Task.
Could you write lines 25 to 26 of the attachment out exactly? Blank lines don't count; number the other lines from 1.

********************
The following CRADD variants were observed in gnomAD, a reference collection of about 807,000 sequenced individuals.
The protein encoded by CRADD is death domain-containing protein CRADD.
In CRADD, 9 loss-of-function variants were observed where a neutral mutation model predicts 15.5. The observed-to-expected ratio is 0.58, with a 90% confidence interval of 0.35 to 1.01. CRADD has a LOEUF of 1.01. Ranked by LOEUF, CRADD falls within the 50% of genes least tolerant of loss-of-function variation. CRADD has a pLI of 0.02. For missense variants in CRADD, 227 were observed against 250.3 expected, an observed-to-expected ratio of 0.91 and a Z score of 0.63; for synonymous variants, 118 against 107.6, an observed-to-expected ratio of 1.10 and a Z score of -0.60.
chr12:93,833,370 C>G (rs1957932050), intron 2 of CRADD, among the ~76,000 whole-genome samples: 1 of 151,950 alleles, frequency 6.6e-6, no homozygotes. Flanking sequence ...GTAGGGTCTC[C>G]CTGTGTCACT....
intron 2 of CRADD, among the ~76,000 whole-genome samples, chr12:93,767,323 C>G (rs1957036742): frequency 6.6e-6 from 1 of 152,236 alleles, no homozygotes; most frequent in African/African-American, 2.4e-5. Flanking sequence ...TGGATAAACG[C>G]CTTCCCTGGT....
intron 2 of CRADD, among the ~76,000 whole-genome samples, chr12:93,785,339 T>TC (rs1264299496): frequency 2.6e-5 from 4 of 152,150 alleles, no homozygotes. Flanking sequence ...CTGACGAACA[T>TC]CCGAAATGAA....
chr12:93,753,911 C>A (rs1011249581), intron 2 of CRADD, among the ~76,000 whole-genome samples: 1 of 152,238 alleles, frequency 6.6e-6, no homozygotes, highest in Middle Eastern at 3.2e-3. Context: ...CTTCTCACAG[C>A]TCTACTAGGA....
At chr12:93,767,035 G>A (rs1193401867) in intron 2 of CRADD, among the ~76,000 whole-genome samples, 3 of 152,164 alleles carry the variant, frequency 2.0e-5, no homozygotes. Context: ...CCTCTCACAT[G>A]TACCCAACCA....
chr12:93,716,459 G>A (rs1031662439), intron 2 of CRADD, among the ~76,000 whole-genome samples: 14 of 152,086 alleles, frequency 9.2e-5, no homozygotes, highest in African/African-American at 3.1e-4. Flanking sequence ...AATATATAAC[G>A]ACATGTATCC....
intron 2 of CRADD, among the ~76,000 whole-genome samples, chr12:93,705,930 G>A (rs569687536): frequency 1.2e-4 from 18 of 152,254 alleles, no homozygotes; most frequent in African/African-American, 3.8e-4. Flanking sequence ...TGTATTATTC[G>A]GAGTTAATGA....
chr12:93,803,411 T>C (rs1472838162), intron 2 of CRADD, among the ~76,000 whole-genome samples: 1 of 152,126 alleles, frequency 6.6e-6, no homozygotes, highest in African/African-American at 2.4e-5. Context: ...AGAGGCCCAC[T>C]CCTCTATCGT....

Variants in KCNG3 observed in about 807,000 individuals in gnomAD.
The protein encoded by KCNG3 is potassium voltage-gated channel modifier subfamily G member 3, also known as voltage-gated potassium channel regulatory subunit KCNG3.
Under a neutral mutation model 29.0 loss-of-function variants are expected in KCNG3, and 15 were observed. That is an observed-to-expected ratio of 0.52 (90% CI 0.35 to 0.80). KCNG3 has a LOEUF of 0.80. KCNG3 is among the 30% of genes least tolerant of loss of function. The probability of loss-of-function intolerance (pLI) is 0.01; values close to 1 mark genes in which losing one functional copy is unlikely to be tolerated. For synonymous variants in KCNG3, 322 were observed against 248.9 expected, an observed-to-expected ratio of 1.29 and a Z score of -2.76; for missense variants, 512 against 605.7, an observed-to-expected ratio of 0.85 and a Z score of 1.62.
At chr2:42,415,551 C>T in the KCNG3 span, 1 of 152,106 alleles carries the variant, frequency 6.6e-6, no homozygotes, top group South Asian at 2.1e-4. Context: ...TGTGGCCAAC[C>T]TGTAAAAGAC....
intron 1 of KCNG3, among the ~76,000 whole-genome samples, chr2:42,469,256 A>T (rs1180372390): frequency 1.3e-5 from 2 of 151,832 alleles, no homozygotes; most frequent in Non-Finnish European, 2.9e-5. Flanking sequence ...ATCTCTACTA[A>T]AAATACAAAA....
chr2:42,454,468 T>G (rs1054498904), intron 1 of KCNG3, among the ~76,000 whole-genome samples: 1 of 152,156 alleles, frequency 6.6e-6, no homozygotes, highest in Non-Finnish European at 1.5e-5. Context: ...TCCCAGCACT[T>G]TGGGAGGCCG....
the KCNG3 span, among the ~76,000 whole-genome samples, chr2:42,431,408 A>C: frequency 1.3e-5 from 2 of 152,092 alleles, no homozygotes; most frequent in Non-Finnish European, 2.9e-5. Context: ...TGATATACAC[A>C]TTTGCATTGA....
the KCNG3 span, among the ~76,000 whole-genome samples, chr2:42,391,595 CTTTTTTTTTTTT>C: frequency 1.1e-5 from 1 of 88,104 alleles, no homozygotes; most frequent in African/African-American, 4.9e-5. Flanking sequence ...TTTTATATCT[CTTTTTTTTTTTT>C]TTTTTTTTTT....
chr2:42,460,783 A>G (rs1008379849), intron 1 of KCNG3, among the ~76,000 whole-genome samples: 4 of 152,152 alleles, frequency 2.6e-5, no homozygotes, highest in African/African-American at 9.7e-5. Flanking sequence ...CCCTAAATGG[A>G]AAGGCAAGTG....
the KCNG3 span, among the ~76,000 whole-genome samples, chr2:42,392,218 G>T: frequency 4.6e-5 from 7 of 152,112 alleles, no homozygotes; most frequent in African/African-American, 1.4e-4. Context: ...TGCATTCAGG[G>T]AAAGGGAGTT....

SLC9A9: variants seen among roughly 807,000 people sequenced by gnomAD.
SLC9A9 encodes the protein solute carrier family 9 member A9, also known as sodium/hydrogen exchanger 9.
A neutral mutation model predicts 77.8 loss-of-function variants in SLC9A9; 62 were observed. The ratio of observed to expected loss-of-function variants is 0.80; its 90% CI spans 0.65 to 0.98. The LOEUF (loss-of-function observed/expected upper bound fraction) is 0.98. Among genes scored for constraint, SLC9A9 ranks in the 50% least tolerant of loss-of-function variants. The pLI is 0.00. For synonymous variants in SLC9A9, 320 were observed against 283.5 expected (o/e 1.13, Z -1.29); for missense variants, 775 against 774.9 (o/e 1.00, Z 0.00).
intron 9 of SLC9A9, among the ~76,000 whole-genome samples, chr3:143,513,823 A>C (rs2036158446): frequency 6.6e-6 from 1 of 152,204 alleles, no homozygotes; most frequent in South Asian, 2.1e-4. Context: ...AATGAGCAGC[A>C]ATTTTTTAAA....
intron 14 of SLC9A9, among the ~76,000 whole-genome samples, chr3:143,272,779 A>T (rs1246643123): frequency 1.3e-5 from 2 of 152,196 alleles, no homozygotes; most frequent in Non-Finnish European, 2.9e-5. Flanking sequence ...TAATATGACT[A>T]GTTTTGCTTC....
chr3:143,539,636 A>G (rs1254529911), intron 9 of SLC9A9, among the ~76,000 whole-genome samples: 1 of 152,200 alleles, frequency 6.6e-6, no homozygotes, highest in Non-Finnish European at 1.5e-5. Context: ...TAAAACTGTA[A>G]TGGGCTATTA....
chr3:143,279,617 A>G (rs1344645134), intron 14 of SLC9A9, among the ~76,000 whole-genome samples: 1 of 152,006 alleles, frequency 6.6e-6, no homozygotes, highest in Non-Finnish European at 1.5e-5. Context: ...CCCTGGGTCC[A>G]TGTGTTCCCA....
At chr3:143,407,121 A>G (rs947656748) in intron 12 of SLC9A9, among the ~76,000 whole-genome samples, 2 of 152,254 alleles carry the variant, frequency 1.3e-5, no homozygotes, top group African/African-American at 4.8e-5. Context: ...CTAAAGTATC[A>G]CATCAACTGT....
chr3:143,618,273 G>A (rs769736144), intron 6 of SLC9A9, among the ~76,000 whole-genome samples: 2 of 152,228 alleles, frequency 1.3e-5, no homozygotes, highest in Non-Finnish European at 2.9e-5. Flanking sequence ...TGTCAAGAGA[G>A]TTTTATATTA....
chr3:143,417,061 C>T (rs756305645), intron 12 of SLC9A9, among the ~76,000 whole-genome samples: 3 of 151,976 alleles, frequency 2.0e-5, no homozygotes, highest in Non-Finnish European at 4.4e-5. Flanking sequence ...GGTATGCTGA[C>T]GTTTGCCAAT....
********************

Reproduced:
intron 9 of SLC9A9, among the ~76,000 whole-genome samples, chr3:143,513,823 A>C (rs2036158446): frequency 6.6e-6 from 1 of 152,204 alleles, no homozygotes; most frequent in South Asian, 2.1e-4. Context: ...AATGAGCAGC[A>C]ATTTTTTAAA....
intron 14 of SLC9A9, among the ~76,000 whole-genome samples, chr3:143,272,779 A>T (rs1246643123): frequency 1.3e-5 from 2 of 152,196 alleles, no homozygotes; most frequent in Non-Finnish European, 2.9e-5. Flanking sequence ...TAATATGACT[A>T]GTTTTGCTTC....